What is a Prior Authorization?
A prior-authorization (PA) is a process used by health insurance plans to decide if they will cover a medical service, device or treatment. It is sometimes called an “authorization request” or “prior approval”. In most cases, health plans and Medicaid approve PA requests based on their decision that the treatment or service is medically necessary.
Who is Responsible for Completing a Prior Authorization?
In most cases the provider supplying the service or equipment (for example, the medical equipment vendor or therapist) is responsible for filling out the PA paperwork.
How Do I Know if a PA is Needed and When a New One is Required?
Medicaid or a health plan will let the provider know when or if a PA is needed and when it needs to be renewed. For example, the health plan may approve five therapy visits and require that a new PA be submitted before more visits are approved.
Who Makes the Decision to Approve or Deny the Prior Authorization?
For Wisconsin Medicaid, designated staff members at the state Department of Health Services approve or deny PA requests. Most HMOs and other health insurance plans also have designated staff members who review all PA requests. If the reviewers have questions about whether the service is medically necessary, they may send the PA back and ask for more information or documentation.
Can Families Influence the Prior Authorization Process?
Yes! Families can to be actively involved in the development of the prior authorization. This can help ensure that the PA will include all relevant information and will provide a complete picture of why the service or treatment is needed. Families can:
- Offer to review the PA for accuracy
- Offer to provide additional documents or background information
- Get letters from other providers or support people who work with the child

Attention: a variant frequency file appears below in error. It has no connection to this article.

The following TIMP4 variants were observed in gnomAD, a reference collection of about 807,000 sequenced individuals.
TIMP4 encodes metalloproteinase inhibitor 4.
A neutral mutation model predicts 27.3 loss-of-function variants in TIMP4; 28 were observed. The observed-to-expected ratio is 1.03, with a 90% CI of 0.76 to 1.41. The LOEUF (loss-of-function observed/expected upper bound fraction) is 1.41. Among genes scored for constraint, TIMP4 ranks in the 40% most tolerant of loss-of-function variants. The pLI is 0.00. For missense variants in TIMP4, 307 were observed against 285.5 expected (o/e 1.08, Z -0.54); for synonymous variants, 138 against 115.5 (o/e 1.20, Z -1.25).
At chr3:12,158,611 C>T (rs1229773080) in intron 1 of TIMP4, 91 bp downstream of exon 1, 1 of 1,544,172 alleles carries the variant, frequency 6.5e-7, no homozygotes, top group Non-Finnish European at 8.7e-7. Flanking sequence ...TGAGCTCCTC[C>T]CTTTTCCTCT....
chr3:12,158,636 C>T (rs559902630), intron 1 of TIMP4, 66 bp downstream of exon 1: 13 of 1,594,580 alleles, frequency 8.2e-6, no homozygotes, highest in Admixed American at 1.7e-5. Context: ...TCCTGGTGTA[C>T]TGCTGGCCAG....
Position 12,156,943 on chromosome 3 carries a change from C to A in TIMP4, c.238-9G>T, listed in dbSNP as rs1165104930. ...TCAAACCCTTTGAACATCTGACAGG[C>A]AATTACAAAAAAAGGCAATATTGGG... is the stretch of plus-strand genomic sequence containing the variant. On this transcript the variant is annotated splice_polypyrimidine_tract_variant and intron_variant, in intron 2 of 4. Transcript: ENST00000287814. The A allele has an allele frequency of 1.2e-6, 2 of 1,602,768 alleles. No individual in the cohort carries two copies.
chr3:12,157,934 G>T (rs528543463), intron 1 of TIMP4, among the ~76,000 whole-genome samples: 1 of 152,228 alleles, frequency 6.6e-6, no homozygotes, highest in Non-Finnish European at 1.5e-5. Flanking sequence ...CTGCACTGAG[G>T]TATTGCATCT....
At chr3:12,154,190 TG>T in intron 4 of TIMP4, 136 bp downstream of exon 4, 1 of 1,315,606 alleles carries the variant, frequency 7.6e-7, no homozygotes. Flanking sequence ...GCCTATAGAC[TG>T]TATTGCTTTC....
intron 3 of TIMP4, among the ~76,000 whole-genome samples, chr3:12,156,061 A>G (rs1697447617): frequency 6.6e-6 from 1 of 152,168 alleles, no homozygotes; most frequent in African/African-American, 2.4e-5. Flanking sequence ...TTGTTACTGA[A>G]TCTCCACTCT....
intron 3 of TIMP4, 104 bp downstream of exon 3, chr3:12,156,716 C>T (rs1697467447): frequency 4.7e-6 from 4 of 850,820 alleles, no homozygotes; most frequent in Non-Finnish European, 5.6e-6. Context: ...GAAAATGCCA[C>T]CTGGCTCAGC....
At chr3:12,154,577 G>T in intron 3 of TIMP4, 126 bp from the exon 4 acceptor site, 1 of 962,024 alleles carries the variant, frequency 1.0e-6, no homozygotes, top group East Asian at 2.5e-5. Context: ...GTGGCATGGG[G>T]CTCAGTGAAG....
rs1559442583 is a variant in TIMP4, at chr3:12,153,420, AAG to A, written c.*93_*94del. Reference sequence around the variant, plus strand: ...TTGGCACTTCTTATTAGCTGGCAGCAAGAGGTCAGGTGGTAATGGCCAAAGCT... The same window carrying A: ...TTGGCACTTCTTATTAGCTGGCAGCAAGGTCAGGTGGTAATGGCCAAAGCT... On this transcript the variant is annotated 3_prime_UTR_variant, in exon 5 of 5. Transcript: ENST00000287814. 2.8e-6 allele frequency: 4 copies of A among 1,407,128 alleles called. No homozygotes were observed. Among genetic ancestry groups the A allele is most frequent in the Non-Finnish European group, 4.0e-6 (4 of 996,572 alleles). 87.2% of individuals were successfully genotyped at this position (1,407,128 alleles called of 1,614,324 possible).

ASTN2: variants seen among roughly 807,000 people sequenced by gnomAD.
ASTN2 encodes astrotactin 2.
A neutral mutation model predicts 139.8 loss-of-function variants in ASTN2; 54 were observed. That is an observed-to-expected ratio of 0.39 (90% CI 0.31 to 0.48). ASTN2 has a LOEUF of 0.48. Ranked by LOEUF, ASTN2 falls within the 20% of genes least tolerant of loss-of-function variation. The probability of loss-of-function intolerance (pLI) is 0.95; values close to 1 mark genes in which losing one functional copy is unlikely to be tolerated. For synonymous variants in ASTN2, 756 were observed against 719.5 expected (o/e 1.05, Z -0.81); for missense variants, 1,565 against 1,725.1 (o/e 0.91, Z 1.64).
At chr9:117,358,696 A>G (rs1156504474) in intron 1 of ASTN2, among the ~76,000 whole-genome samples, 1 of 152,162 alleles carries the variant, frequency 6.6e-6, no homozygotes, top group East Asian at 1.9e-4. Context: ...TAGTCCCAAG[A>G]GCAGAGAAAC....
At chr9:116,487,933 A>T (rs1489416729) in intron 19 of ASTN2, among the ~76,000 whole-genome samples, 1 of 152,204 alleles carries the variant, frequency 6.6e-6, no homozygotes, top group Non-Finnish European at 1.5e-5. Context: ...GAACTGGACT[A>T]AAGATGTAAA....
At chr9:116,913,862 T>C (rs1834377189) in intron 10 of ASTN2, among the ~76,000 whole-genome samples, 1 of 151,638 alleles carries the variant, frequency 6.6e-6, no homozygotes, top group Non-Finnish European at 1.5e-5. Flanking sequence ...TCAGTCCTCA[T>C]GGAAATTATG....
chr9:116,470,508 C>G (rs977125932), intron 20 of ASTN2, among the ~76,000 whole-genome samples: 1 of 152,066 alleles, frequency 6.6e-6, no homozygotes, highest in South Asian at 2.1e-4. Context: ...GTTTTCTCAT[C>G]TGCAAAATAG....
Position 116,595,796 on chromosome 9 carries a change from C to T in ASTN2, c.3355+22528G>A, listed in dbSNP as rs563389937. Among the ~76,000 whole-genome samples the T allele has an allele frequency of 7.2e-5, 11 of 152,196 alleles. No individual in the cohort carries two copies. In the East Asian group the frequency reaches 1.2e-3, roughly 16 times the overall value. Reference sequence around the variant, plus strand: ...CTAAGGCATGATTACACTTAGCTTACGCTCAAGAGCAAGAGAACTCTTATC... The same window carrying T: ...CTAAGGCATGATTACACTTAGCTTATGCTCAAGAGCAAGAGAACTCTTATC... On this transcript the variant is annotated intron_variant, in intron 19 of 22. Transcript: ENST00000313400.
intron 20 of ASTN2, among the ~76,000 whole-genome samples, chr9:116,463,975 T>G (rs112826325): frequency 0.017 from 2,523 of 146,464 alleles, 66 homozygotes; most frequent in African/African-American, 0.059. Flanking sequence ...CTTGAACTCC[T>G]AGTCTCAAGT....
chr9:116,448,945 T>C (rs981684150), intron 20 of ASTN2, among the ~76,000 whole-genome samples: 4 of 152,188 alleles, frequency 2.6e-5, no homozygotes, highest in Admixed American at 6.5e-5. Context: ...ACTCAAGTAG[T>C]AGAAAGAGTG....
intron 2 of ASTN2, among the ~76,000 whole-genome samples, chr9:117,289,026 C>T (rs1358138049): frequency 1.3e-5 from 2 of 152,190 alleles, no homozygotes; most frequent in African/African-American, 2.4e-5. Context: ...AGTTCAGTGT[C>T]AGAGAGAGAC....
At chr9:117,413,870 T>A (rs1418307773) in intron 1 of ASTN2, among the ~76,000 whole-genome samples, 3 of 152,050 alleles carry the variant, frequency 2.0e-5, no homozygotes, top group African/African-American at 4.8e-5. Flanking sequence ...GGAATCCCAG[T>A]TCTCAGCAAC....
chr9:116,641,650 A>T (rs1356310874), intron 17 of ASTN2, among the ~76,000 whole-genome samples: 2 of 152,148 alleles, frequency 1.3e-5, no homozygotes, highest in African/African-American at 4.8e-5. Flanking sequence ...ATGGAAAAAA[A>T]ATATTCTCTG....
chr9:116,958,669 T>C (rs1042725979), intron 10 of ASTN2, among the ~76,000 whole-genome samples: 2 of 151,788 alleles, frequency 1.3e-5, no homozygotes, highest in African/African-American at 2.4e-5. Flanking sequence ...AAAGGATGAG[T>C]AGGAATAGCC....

What Do Medicaid and other Health Plans Consider with a PA?
Reviewers will consider the following:
- If an item or service is medically necessary and appropriate
- How much it will cost
- Whether it is likely to be effective, of high quality and prescribed at the right time for the child
- Whether there is a less expensive or more appropriate alternative
- Whether the provider or recipient has overused or misused services
What are Some Reasons why a PA is Denied?
A health plan may deny a PA request if the provider did not document medical necessity. In addition, some providers are not familiar with submitting PA requests and the PA is submitted without all the necessary information. In rare cases, providers may tell you something is not covered if they don’t want to submit a PA or if the first PA was denied.
Sometimes providers use certain terms when they complete a PA. Without knowing it, they might use the same terms the school used in the IEP and it looks like Medicaid is paying for something twice so they deny the PA due to Duplication of Services.
What does “Duplication of Services” Mean?
When reviewing a PA, a health plan or Medicaid will likely request a copy of your child’s IEP to see if your child is already receiving the same therapy or services being requested. Wisconsin Medicaid will not cover a service that is already being provided at school or should be provided at school. This is especially true because often the school bills Medicaid for the services at school as well!
If the PA is for therapy services, a family can work with the provider to make sure the therapy goals are related to functioning at home and in the community and not education related. To learn more, see our resource called “school-based and community-based therapy services” in our “Did You Know? Now You Know!” training.